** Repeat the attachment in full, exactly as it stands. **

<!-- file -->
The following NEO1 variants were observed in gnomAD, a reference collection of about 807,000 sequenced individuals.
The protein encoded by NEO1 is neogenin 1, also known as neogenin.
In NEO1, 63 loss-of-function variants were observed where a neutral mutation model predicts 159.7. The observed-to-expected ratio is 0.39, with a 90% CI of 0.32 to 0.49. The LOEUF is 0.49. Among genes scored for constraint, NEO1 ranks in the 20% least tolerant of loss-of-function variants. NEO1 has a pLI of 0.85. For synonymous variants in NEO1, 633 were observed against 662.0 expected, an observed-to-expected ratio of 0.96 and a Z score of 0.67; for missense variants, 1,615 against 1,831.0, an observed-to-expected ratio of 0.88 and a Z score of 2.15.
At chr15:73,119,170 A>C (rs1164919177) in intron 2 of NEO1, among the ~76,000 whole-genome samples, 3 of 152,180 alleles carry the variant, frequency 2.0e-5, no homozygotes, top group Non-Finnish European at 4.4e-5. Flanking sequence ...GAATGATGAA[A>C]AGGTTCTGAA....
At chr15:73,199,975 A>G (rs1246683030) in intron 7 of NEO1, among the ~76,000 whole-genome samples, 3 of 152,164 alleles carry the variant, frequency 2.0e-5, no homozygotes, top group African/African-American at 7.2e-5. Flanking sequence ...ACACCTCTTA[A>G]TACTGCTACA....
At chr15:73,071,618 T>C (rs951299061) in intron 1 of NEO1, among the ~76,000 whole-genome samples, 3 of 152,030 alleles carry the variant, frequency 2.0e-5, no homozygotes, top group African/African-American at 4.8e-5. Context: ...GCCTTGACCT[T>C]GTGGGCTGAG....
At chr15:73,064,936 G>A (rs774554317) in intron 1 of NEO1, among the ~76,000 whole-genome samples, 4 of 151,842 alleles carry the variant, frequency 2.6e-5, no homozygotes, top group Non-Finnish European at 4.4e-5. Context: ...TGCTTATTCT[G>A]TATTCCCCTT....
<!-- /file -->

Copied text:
The following NEO1 variants were observed in gnomAD, a reference collection of about 807,000 sequenced individuals.
The protein encoded by NEO1 is neogenin 1, also known as neogenin.
In NEO1, 63 loss-of-function variants were observed where a neutral mutation model predicts 159.7. The observed-to-expected ratio is 0.39, with a 90% CI of 0.32 to 0.49. The LOEUF is 0.49. Among genes scored for constraint, NEO1 ranks in the 20% least tolerant of loss-of-function variants. NEO1 has a pLI of 0.85. For synonymous variants in NEO1, 633 were observed against 662.0 expected, an observed-to-expected ratio of 0.96 and a Z score of 0.67; for missense variants, 1,615 against 1,831.0, an observed-to-expected ratio of 0.88 and a Z score of 2.15.
At chr15:73,119,170 A>C (rs1164919177) in intron 2 of NEO1, among the ~76,000 whole-genome samples, 3 of 152,180 alleles carry the variant, frequency 2.0e-5, no homozygotes, top group Non-Finnish European at 4.4e-5. Flanking sequence ...GAATGATGAA[A>C]AGGTTCTGAA....
At chr15:73,199,975 A>G (rs1246683030) in intron 7 of NEO1, among the ~76,000 whole-genome samples, 3 of 152,164 alleles carry the variant, frequency 2.0e-5, no homozygotes, top group African/African-American at 7.2e-5. Flanking sequence ...ACACCTCTTA[A>G]TACTGCTACA....
At chr15:73,071,618 T>C (rs951299061) in intron 1 of NEO1, among the ~76,000 whole-genome samples, 3 of 152,030 alleles carry the variant, frequency 2.0e-5, no homozygotes, top group African/African-American at 4.8e-5. Context: ...GCCTTGACCT[T>C]GTGGGCTGAG....
At chr15:73,064,936 G>A (rs774554317) in intron 1 of NEO1, among the ~76,000 whole-genome samples, 4 of 151,842 alleles carry the variant, frequency 2.6e-5, no homozygotes, top group Non-Finnish European at 4.4e-5. Context: ...TGCTTATTCT[G>A]TATTCCCCTT....